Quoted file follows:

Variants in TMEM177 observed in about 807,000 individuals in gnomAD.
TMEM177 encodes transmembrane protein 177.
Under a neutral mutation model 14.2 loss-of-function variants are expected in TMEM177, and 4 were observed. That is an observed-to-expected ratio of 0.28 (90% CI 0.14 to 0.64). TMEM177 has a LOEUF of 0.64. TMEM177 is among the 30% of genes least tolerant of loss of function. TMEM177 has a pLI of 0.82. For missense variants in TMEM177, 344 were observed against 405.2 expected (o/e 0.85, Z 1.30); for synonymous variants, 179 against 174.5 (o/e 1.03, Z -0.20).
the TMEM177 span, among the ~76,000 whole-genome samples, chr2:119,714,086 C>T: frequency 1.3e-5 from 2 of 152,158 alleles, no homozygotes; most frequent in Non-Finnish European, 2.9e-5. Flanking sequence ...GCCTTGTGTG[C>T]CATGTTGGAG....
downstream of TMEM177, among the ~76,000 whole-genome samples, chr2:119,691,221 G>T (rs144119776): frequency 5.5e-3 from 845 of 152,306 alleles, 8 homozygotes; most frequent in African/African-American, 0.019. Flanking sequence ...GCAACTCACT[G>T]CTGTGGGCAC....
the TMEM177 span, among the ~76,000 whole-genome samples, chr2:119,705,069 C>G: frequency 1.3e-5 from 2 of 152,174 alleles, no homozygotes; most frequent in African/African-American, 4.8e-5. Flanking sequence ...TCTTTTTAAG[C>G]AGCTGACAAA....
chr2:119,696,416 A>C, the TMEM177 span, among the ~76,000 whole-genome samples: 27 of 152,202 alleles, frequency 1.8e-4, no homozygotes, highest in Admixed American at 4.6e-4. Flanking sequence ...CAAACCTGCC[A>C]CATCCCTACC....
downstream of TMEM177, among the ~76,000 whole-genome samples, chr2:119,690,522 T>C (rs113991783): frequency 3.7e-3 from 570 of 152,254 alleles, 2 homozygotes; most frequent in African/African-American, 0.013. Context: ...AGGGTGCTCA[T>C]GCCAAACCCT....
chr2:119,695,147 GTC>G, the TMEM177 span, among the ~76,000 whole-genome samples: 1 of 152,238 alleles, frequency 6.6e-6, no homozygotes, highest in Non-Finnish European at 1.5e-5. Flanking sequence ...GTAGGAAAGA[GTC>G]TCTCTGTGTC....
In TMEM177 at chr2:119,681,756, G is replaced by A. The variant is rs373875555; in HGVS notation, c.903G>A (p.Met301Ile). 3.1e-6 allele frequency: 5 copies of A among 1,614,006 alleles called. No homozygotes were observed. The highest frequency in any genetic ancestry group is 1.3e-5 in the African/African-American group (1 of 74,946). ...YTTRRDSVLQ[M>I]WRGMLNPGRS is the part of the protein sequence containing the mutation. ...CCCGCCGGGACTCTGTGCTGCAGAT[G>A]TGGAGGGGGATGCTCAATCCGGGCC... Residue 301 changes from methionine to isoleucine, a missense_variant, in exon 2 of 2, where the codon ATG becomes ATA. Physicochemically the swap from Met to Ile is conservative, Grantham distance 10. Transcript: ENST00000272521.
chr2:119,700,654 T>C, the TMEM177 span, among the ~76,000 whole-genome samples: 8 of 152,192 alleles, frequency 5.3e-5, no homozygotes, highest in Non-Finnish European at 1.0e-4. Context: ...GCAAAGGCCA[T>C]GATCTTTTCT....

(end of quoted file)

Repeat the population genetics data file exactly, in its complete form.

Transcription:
Variants in TMEM177 observed in about 807,000 individuals in gnomAD.
TMEM177 encodes transmembrane protein 177.
Under a neutral mutation model 14.2 loss-of-function variants are expected in TMEM177, and 4 were observed. That is an observed-to-expected ratio of 0.28 (90% CI 0.14 to 0.64). TMEM177 has a LOEUF of 0.64. TMEM177 is among the 30% of genes least tolerant of loss of function. TMEM177 has a pLI of 0.82. For missense variants in TMEM177, 344 were observed against 405.2 expected (o/e 0.85, Z 1.30); for synonymous variants, 179 against 174.5 (o/e 1.03, Z -0.20).
the TMEM177 span, among the ~76,000 whole-genome samples, chr2:119,714,086 C>T: frequency 1.3e-5 from 2 of 152,158 alleles, no homozygotes; most frequent in Non-Finnish European, 2.9e-5. Flanking sequence ...GCCTTGTGTG[C>T]CATGTTGGAG....
downstream of TMEM177, among the ~76,000 whole-genome samples, chr2:119,691,221 G>T (rs144119776): frequency 5.5e-3 from 845 of 152,306 alleles, 8 homozygotes; most frequent in African/African-American, 0.019. Flanking sequence ...GCAACTCACT[G>T]CTGTGGGCAC....
the TMEM177 span, among the ~76,000 whole-genome samples, chr2:119,705,069 C>G: frequency 1.3e-5 from 2 of 152,174 alleles, no homozygotes; most frequent in African/African-American, 4.8e-5. Flanking sequence ...TCTTTTTAAG[C>G]AGCTGACAAA....
chr2:119,696,416 A>C, the TMEM177 span, among the ~76,000 whole-genome samples: 27 of 152,202 alleles, frequency 1.8e-4, no homozygotes, highest in Admixed American at 4.6e-4. Flanking sequence ...CAAACCTGCC[A>C]CATCCCTACC....
downstream of TMEM177, among the ~76,000 whole-genome samples, chr2:119,690,522 T>C (rs113991783): frequency 3.7e-3 from 570 of 152,254 alleles, 2 homozygotes; most frequent in African/African-American, 0.013. Context: ...AGGGTGCTCA[T>C]GCCAAACCCT....
chr2:119,695,147 GTC>G, the TMEM177 span, among the ~76,000 whole-genome samples: 1 of 152,238 alleles, frequency 6.6e-6, no homozygotes, highest in Non-Finnish European at 1.5e-5. Flanking sequence ...GTAGGAAAGA[GTC>G]TCTCTGTGTC....
In TMEM177 at chr2:119,681,756, G is replaced by A. The variant is rs373875555; in HGVS notation, c.903G>A (p.Met301Ile). 3.1e-6 allele frequency: 5 copies of A among 1,614,006 alleles called. No homozygotes were observed. The highest frequency in any genetic ancestry group is 1.3e-5 in the African/African-American group (1 of 74,946). ...YTTRRDSVLQ[M>I]WRGMLNPGRS is the part of the protein sequence containing the mutation. ...CCCGCCGGGACTCTGTGCTGCAGAT[G>A]TGGAGGGGGATGCTCAATCCGGGCC... Residue 301 changes from methionine to isoleucine, a missense_variant, in exon 2 of 2, where the codon ATG becomes ATA. Physicochemically the swap from Met to Ile is conservative, Grantham distance 10. Transcript: ENST00000272521.
chr2:119,700,654 T>C, the TMEM177 span, among the ~76,000 whole-genome samples: 8 of 152,192 alleles, frequency 5.3e-5, no homozygotes, highest in Non-Finnish European at 1.0e-4. Context: ...GCAAAGGCCA[T>C]GATCTTTTCT....